But by compromising to ensure the Premier League remains competitive, the league is making itself less competitive within the over financial goliath, the UEFA Champions League. A competitive domestic league in England is the main reason why the cream of the world’s elite stay away.

A Premier League player has not appeared in the top 3 of the Ballon d’Or placings since 2008. Seemingly the world’s best players want their league fixtures to be easy where they can score bags of goals, and then prioritise the Champions League. Football is coming much more about star power, with individuals taking centre stage.

And this points to another huge factor in modern football. The way the game is consumed, particularly by the younger audience, is changing radically. Many young fans interact with the game online and follow players more so than teams. Paris Saint-Germain is a team designed for the Twitter generation. The score-line is almost meaningless, but an audacious step-over from Kylian Mbappé or a back-heel from Neymar will be all over social media.

It’s harder and harder for Premier League clubs to attract the next generation of die-hard supporters due to extortionate ticket prices. Going to a football match, particularly the top 6, resembles an Americanized corporate experience. To bring in young fans, clubs need superstars.

And this is the problem Scudamore is facing. By opposing the top 6, he risks them threatening to break away and joining a Euro Super League. However, if he gives into them he risks the Premier League losing its competitive appeal. City and United are already regularly dispatching teams 4-0, 5-0 this season, imagine what it would be like if they get richer and the rest get poorer?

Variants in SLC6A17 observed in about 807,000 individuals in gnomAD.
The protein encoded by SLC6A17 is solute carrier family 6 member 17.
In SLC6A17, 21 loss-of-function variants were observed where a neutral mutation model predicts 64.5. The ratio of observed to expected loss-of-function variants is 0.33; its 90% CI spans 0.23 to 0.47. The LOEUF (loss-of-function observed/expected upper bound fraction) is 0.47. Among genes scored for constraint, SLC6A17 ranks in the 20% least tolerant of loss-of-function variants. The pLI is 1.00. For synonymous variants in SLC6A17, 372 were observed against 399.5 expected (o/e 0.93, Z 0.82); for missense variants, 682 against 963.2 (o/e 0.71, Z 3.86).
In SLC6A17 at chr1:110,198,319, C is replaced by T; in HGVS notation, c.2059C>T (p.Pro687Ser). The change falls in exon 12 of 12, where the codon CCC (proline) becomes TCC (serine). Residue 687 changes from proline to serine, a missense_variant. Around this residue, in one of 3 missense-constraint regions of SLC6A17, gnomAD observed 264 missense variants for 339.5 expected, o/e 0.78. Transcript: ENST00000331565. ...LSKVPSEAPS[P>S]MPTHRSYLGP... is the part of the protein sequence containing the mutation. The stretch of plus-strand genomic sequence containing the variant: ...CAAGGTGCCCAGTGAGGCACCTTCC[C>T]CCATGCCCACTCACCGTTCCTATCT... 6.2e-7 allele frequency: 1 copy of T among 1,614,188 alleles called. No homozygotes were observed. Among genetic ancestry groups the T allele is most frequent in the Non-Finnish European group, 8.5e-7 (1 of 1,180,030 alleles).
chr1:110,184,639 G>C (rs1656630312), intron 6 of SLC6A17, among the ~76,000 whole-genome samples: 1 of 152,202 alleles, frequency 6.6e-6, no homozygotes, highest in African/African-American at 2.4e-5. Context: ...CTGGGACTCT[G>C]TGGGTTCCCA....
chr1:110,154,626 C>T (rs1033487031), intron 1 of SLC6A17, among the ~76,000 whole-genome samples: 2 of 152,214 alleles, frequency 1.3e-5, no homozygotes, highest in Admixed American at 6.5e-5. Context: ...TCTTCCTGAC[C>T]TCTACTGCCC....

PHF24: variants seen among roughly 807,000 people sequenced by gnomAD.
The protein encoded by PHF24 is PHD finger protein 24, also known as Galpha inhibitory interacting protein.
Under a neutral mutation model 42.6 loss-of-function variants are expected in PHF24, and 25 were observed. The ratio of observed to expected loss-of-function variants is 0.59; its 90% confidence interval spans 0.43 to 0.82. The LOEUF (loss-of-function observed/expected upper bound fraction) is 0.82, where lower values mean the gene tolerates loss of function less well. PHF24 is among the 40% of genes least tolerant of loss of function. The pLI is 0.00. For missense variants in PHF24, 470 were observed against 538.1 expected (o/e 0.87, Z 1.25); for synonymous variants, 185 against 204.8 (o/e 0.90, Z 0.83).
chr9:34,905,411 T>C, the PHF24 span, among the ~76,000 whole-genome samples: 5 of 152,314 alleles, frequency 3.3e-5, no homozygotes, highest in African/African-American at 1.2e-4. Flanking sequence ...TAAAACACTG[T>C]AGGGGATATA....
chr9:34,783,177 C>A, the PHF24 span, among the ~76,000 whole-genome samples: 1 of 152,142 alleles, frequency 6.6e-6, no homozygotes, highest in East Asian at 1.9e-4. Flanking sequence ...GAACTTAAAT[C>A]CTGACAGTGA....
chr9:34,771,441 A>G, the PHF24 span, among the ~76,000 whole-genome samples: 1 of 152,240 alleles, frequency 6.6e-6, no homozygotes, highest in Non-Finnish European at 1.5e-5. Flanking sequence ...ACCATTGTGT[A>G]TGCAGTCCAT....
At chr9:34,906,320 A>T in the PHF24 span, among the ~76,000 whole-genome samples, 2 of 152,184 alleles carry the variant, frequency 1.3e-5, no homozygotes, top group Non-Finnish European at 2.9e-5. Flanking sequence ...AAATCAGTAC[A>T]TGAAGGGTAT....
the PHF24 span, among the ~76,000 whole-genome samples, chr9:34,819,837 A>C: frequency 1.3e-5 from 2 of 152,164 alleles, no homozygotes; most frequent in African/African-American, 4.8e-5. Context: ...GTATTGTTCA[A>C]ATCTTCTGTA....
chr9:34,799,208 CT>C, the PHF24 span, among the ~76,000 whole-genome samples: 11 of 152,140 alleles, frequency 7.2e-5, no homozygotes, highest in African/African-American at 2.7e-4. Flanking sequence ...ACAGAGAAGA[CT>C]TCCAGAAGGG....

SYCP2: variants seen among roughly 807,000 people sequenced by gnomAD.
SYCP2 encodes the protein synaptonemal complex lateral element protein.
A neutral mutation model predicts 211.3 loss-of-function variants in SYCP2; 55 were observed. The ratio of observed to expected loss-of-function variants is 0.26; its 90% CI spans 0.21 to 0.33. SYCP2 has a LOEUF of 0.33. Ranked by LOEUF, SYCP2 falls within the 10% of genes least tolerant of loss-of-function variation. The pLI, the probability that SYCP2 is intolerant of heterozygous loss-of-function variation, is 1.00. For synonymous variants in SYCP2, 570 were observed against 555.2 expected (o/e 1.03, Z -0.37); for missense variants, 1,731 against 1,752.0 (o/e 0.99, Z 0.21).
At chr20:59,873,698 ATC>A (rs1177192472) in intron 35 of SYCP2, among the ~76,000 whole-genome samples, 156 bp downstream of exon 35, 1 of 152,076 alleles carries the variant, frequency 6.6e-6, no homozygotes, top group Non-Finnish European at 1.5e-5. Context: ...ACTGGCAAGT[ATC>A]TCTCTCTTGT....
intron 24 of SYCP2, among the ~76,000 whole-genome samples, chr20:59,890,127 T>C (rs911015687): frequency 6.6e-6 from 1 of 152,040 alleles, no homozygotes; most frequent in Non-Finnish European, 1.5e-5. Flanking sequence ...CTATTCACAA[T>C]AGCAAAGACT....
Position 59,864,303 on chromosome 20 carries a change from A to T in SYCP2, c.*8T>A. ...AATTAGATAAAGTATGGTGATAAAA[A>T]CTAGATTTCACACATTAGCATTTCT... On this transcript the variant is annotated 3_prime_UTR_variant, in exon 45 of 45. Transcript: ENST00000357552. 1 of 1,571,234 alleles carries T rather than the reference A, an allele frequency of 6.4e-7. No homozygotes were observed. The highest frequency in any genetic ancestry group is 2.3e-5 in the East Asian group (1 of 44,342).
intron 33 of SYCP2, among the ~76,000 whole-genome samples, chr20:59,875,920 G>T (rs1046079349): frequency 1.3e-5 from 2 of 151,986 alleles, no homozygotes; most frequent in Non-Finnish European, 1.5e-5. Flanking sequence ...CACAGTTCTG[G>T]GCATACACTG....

A less competitive Premier League may see general interest wane, and a Euro Super League may become the next logical step. Meanwhile, if revenue does start to drop, it will be hard for the owners not to think about the prospect of White Hart Lane hosting the PSG, Milan and Bayern Munich week in and week out rather than Huddersfield or Swansea (no disrespect).

For fans of the other 14 clubs (and the rest of the football league) this is a nightmare scenario and still feels impossible. Football is more profitable than ever, why would they risk such a drastic change? Talks of a Euro League have been going on for nearly 2 decades, rarely in public, with efforts being spearheaded by Real Madrid.

Money will, of course, ultimately decide the future of football. Interestingly in recent years both Bundesliga and La Liga signed huge TV deals which were based on the Premier League even-distribution model. It will be interesting to see over the next 2 or 3 years if this affects the game in Germany and Spain.

But if the bubble has truly burst, the creation of a Euro Super League may already be inevitable and could be here sooner than we think. Today news emerged that Top 6 clubs may not comply with interview demands as a protest. It’s possible that neither outcome is actually good for the Premier League.

 

Leave a Reply

Your e-mail address will not be published. Required fields are marked *

This site uses Akismet to reduce spam. Learn how your comment data is processed.